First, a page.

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Asian Tribune is published by E-LANKA MEDIA(PVT)Ltd. Vol. 20 No. 111

Judicial Activism

By Tukoji R. Pandit - Syndicate Features

Judicial activism in the country evokes strong reactions: some support it vehemently while some others, notably politicians, oppose it equally strongly. But the rising tide of judicial activism has also seen the judiciary come under closer scrutiny. While criticism of the lower rungs of the judicial system has been common for a long time, public gaze has also turned towards the higher judiciary.

For the first time in the history of the nation a former chief justice has come under attack from not only politicians and eminent citizens but also at least five distinguished former CJIs. The ex-CJI under attack has, of course, denied the charges being hurled at him. It may well be that the controversy over him dies down after some time. But what will not die down is the increasing disappointment, if not frustration and anger, over the pace of justice. It is not just about ‘justice delayed is justice denied’ but the less optimistic are actually wondering how long before the unending delays in courts actually kill the system of justice in the country.

Over 3.5 crore cases are said to be pending in Indian courts, the majority of them in lower courts at the districts and tehsils/taluks--and for years. The number keeps mounting as more fresh cases reach the courts each day than disposed of in a day. In this context it looks incredulous that there was actually a year when disposal of cases had overtaken the cases filed in the district and subordinate courts. The exceptional year was 1999. That exception cannot prove the rule, which is dismal and disappointing. It is not uncommon in India to see court cases dragging on for decades and sometime even generations, something that astonishes people outside the country.

A frequently heard remedy for clearing the backlog of court cases is to demand an increase in the number of courts and judges. Both the executive and the judiciary seem to hold this view. Of course, vacancies in courts, from the lowest to the apex level, should not be kept pending for a long time. The courts think that the criticism for delays is unfair when vacancies are not filled in time.

There is perhaps another way of looking at this picture, taking into consideration certain other facts which are quoted by those who think that merely increasing the strength of judges is not the answer. Take the number of serious criminal cases in India per million population, which is about three times lower than the US and five times less than Canada. The figure for civil cases is not very different. But the US has about nine times as many judges as India per million population but at the same time the crime rate per million population is nearly 30 times higher than India.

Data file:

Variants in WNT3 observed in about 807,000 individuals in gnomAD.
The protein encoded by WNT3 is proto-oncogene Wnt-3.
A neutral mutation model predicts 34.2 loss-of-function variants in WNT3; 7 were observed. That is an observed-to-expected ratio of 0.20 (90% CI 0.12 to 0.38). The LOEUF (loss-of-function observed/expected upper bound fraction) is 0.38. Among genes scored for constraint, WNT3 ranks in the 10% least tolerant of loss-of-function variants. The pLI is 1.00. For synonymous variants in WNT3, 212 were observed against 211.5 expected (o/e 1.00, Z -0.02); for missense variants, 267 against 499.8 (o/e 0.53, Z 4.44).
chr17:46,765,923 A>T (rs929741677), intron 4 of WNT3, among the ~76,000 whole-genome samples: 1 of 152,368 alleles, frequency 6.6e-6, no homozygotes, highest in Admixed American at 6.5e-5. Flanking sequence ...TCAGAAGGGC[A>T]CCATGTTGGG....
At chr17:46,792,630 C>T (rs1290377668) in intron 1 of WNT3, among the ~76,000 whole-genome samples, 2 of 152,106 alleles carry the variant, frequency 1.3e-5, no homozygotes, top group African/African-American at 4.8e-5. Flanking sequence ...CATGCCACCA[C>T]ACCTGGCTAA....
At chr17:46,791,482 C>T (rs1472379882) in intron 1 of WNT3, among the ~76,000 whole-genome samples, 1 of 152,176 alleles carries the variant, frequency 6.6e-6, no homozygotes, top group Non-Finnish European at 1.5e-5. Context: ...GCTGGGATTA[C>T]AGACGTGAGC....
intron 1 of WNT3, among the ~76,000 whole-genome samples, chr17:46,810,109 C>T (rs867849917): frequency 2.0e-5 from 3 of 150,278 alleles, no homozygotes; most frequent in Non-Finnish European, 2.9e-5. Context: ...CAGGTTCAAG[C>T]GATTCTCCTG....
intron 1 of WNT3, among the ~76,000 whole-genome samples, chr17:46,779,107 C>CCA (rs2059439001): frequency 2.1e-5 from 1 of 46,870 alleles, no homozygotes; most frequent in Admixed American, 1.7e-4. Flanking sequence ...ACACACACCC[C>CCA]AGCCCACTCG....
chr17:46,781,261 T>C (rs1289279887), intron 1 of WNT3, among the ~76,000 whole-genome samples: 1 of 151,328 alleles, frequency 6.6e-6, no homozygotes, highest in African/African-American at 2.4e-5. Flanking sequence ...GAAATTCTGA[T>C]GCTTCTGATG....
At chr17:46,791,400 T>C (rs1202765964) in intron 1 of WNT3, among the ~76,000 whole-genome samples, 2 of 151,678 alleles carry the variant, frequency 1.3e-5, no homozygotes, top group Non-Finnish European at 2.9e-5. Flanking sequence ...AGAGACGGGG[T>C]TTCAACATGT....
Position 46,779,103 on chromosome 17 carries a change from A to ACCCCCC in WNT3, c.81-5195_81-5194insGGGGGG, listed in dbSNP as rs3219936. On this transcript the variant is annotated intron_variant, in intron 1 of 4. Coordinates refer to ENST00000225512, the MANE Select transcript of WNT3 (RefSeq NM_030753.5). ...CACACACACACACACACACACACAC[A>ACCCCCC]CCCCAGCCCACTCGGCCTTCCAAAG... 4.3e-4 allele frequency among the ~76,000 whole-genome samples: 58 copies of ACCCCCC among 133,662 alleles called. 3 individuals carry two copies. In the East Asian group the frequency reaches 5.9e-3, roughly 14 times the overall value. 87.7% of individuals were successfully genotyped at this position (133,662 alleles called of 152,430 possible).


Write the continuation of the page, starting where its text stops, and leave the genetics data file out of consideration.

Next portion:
Compared to India, between five and six times more cases (per judge) are filed in the US but there is not much delay in dispensing justice. Is it because of higher efficiency of US judges? Cannot say, but does it make the number of judges and per million population an important fact in speeding up the conclusion of cases?

On an average less than two cases are disposed of in Indian courts in a day. However, it will be unfair to put the entire blame for this abysmally low figure on the judiciary alone when the laws, procedures and practices have all contributed to making a mockery of the judicial system.

Bollywood actor Sanjay Dutt must count himself lucky that he was able to get a copy of the judgement that sentenced him to a jail term within a matter of few weeks and apply for bail. Copies of vital documents like judgements can take months to move out of the court, though the fault may not be the judge’s.

One of the worst things about the Indian judicial system is the ease and frequency with which adjournments and stays are sought and granted. Perhaps that is the single most important reason for the delays. But faults and delay also lie in serving the summons, condoning the absence of witnesses and counsel. Often, the evidence of not even one witness will be completed in one day. Instead of being strict about it, the courts tend to be lenient at times when the accused does not present himself before the court.

While it may be better if the legal fraternity and the judiciary work out how efficiency in the courts can be improve and investigations methods improved to make prosecution easier and speedier even laymen with some experience of the system of justice in the country can make some observations. For instance, things will surely speed up if more than one witness is called and examined in a day and the case is heard in continuity instead of the usual intermittent hearings spread over months and years.

All this is not to say that there is no case for increasing the number of judges or courts across the country. There also is need for improving the working conditions and the infrastructure in the courts, though many would say that reducing the cost of litigation should be given priority.

What is more important is to find ways—innovative—to improve the image of the system with clearly visible results. The fast eroding faith of the people in the judicial system has to be restored. A beginning, in fact, has already been made with a number of high courts allowing lower courts to function in the evening.

Gujarat’s evening courts have cleared about 35,000 old cases within a period of three or four months. Some of these cases were a decade old. Mobile courts and e-courts could supplement the efforts of evening courts. The courts could also do with fewer holidays and more regular working hours. Why can’t cases be disposed of within a timeframe and adjournments limited to exceptional circumstances?

- Syndicate Features -

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